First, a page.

Copyright and the internet
Introduction The internet has created new methods of delivering and disseminating creative content online that have had a signifi cant impact on the market in creative works; for example in 2014 the revenue generated for the music industry from digital channels matched that from physical format sales for the fi rst time. 1 However, just as computer networks created new ways of committing traditional crime, so they provided new ways of infringing copyright. Some of these issues are the generic ones that have already been identifi ed such as jurisdiction, detection, and enforcement, but others are specifi c to the law of copyright. Cornish and Llewellyn have referred to the internet and copyright as ‘the most infl amed issue in current intellectual property’, 2 and developing uses of this medium continue to challenge the traditional principles of copyright; as Ganley has commented, ‘the internet has ruffl ed the feathers of copyright law’. 3 Indeed, the phrase ‘digital copyright’ is sometimes used misleadingly as an indication of another species of copyright with different rules, rather than an application of the existing rules to the digital environment, together with an attempt to draw an appropriate balance between authors’ and users’ rights in this context. This chapter will consider, in particular, some of the general issues relating to the application of copyright principles to a new medium, together with associated changes in the law in both Europe and the USA, using the practical examples of hypertext links, the operation of search engines and fi le sharing. Before considering how the law has responded to the issues, we will consider the origins of the problems that have been encountered. 4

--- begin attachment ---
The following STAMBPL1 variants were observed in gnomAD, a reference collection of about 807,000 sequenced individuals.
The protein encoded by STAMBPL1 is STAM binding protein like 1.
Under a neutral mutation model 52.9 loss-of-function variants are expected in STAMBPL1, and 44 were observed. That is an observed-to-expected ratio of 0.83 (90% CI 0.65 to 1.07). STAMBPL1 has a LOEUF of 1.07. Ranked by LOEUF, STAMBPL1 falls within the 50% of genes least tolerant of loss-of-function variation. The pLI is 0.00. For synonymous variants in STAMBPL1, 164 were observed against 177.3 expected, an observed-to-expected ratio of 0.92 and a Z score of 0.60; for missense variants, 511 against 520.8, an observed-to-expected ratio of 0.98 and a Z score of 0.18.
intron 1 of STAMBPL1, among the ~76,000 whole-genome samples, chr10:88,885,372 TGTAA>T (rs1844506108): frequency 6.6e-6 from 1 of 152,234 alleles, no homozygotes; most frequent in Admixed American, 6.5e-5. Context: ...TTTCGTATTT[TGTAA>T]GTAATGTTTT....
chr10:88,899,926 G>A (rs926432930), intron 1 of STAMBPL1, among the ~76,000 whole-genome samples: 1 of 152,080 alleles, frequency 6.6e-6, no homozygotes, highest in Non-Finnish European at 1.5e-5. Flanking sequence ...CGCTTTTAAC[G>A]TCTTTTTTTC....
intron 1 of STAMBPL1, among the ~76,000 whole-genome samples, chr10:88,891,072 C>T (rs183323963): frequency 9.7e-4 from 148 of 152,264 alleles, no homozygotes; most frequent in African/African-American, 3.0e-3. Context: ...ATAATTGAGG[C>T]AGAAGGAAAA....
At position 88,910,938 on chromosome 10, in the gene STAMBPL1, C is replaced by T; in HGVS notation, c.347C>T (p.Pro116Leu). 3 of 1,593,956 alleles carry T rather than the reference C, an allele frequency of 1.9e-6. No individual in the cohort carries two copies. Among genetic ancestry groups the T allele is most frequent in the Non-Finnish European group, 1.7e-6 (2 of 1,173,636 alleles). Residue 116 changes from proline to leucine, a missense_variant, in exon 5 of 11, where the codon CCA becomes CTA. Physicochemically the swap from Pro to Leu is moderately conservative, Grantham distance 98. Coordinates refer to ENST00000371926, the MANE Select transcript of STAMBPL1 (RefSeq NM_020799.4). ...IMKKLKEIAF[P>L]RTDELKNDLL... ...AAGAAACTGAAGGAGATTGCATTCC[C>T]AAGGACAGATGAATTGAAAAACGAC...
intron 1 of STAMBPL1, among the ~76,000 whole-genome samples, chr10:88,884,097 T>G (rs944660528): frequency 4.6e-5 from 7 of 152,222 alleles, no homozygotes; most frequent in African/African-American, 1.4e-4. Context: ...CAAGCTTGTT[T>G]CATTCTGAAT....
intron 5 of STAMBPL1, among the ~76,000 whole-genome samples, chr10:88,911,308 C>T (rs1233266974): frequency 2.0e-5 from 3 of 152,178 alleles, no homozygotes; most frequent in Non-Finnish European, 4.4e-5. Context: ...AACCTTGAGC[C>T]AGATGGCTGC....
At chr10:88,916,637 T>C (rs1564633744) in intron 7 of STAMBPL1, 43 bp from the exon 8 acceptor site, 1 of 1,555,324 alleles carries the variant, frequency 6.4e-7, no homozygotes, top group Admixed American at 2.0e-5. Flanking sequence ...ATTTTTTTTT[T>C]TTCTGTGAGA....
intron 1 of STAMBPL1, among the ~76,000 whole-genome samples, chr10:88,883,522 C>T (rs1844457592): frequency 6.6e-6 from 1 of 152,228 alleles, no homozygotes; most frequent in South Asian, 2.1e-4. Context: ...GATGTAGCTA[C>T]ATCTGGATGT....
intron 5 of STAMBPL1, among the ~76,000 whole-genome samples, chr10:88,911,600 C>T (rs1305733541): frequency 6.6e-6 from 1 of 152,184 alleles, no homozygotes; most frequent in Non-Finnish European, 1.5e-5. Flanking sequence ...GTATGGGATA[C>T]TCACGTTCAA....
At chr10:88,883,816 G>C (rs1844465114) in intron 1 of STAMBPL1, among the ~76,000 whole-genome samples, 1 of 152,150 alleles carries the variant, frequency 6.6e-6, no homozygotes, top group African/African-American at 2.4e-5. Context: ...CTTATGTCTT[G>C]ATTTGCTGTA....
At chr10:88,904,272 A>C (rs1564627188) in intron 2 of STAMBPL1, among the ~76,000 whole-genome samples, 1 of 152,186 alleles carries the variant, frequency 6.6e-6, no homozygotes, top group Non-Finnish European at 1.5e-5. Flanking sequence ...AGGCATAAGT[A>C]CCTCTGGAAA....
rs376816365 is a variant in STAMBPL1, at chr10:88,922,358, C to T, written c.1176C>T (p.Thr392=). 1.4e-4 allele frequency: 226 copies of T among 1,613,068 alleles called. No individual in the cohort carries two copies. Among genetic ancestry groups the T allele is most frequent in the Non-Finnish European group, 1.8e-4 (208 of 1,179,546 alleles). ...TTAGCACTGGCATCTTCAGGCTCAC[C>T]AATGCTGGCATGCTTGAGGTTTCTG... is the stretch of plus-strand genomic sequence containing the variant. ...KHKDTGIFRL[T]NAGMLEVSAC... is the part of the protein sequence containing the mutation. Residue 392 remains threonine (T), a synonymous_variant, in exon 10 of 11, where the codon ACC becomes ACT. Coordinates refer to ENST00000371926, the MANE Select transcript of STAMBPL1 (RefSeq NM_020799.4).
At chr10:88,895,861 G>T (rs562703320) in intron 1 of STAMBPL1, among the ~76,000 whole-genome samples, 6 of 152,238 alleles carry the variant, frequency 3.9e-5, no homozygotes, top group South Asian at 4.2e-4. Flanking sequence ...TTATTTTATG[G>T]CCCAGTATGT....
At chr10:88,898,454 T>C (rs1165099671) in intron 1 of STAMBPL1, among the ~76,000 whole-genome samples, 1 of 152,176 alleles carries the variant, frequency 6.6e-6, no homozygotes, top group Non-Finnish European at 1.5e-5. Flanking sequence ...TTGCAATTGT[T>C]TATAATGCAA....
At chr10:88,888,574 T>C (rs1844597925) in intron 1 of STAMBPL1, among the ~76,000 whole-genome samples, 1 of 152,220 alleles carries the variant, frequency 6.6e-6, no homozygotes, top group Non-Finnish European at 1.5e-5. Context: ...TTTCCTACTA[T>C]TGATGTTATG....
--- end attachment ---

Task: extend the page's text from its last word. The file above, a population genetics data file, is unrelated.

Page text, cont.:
As every student knows, copying of material from the vast information source that is the internet is a trivial matter; similarly, the technology also makes it a trivial matter to make existing copyright works available on the internet. Examples of the latter range from individuals putting copyright works on YouTube, to major initiatives such as the Google Print Library Project, 5 but application of the law of copyright to these issues has not always proved to be straightforward and has frequently been controversial. The conundrum at the heart of traditional copyright law is how to balance the respective rights of the creator and user of copyright material. As noted in the Preamble to the Information Society Directive, ‘a fair balance of rights and interests between the different categories of rightholders, as well as between the different categories of rightholders and users of protected subject matter must be safeguarded’. 6 It goes without saying that there is an inherent tension between these rights – that ‘confl ict is at the heart of copyright’. 7 How should this balance be struck on the internet?